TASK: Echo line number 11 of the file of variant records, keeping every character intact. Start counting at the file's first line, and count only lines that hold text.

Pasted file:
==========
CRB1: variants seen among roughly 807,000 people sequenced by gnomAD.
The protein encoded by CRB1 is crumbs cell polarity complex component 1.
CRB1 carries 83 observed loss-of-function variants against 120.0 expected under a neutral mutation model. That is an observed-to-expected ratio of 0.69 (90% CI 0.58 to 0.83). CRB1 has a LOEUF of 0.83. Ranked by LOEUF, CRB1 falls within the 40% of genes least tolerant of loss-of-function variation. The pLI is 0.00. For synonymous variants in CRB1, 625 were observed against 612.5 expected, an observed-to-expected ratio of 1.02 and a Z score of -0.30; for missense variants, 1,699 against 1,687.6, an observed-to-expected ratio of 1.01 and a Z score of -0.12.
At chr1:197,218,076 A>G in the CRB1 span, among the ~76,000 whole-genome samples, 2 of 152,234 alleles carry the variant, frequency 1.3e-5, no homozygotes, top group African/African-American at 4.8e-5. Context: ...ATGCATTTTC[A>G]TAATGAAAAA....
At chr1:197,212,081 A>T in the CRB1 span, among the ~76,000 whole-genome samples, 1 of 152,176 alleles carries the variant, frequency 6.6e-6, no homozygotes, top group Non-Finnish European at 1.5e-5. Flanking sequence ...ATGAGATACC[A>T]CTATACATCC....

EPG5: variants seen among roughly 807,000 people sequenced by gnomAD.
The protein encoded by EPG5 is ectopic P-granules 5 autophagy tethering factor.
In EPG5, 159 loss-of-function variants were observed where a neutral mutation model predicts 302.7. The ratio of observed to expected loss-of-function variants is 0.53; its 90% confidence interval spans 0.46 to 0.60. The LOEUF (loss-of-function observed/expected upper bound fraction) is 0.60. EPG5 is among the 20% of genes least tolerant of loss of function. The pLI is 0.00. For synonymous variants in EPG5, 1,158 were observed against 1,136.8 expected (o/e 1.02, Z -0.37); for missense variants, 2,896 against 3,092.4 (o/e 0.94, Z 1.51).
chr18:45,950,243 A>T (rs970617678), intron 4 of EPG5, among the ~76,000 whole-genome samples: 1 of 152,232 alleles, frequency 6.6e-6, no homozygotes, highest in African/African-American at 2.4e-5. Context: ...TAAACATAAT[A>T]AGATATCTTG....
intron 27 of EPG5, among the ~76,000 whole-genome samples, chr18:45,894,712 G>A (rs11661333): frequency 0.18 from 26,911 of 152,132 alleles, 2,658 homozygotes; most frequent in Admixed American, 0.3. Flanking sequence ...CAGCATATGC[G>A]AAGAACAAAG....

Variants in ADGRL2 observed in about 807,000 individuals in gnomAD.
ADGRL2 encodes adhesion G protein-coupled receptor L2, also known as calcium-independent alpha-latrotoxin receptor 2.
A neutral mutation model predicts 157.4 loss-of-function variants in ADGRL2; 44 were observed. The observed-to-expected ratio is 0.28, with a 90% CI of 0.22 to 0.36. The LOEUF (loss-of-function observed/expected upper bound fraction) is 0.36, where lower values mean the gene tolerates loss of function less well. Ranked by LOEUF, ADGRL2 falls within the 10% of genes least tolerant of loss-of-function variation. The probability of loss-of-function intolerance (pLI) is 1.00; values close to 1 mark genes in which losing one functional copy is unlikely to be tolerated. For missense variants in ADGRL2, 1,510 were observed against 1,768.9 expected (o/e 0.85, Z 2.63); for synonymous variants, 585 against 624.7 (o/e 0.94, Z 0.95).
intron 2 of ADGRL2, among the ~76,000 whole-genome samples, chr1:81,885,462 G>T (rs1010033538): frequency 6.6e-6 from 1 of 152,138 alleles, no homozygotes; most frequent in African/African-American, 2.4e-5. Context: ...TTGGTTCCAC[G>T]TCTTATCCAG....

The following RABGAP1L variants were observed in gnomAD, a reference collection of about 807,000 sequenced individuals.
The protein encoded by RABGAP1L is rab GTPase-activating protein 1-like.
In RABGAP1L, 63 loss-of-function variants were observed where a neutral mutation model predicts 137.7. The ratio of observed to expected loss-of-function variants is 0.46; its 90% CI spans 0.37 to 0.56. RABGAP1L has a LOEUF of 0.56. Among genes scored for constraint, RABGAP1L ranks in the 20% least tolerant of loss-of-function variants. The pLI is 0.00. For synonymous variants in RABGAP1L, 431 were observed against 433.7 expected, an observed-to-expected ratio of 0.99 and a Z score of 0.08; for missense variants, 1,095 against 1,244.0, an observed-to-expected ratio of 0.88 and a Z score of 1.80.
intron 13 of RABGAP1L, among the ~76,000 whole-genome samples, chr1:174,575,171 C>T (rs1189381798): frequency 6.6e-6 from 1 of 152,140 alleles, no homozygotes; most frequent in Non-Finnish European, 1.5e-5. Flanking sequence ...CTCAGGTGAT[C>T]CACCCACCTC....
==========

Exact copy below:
Variants in ADGRL2 observed in about 807,000 individuals in gnomAD.